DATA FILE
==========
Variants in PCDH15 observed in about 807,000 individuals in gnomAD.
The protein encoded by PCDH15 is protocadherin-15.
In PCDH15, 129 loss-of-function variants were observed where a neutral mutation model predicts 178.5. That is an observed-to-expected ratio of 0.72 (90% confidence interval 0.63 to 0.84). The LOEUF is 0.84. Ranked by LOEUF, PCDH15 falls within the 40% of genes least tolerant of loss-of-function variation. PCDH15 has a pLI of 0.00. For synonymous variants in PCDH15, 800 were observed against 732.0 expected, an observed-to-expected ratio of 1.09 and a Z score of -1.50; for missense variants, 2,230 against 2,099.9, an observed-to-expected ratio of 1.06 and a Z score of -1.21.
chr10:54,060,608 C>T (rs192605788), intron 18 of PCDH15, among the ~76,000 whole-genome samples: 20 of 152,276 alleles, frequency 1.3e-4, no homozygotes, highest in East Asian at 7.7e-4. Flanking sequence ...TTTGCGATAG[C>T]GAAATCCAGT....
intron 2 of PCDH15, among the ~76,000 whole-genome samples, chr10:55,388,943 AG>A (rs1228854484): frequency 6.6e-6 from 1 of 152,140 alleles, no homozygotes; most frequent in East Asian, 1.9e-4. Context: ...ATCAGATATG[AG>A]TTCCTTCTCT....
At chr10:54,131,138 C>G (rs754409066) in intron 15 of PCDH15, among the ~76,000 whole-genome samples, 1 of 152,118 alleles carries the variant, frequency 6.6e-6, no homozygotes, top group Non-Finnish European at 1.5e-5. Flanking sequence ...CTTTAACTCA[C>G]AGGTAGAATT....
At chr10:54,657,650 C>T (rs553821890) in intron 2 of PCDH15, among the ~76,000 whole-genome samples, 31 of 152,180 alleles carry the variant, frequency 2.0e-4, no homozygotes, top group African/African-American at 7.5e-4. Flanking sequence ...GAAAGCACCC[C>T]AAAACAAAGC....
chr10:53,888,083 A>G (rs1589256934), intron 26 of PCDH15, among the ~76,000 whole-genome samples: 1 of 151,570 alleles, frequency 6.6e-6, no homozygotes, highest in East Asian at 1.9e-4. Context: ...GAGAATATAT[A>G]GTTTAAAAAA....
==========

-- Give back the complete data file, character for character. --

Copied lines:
Variants in PCDH15 observed in about 807,000 individuals in gnomAD.
The protein encoded by PCDH15 is protocadherin-15.
In PCDH15, 129 loss-of-function variants were observed where a neutral mutation model predicts 178.5. That is an observed-to-expected ratio of 0.72 (90% confidence interval 0.63 to 0.84). The LOEUF is 0.84. Ranked by LOEUF, PCDH15 falls within the 40% of genes least tolerant of loss-of-function variation. PCDH15 has a pLI of 0.00. For synonymous variants in PCDH15, 800 were observed against 732.0 expected, an observed-to-expected ratio of 1.09 and a Z score of -1.50; for missense variants, 2,230 against 2,099.9, an observed-to-expected ratio of 1.06 and a Z score of -1.21.
chr10:54,060,608 C>T (rs192605788), intron 18 of PCDH15, among the ~76,000 whole-genome samples: 20 of 152,276 alleles, frequency 1.3e-4, no homozygotes, highest in East Asian at 7.7e-4. Flanking sequence ...TTTGCGATAG[C>T]GAAATCCAGT....
intron 2 of PCDH15, among the ~76,000 whole-genome samples, chr10:55,388,943 AG>A (rs1228854484): frequency 6.6e-6 from 1 of 152,140 alleles, no homozygotes; most frequent in East Asian, 1.9e-4. Context: ...ATCAGATATG[AG>A]TTCCTTCTCT....
At chr10:54,131,138 C>G (rs754409066) in intron 15 of PCDH15, among the ~76,000 whole-genome samples, 1 of 152,118 alleles carries the variant, frequency 6.6e-6, no homozygotes, top group Non-Finnish European at 1.5e-5. Flanking sequence ...CTTTAACTCA[C>G]AGGTAGAATT....
At chr10:54,657,650 C>T (rs553821890) in intron 2 of PCDH15, among the ~76,000 whole-genome samples, 31 of 152,180 alleles carry the variant, frequency 2.0e-4, no homozygotes, top group African/African-American at 7.5e-4. Flanking sequence ...GAAAGCACCC[C>T]AAAACAAAGC....
chr10:53,888,083 A>G (rs1589256934), intron 26 of PCDH15, among the ~76,000 whole-genome samples: 1 of 151,570 alleles, frequency 6.6e-6, no homozygotes, highest in East Asian at 1.9e-4. Context: ...GAGAATATAT[A>G]GTTTAAAAAA....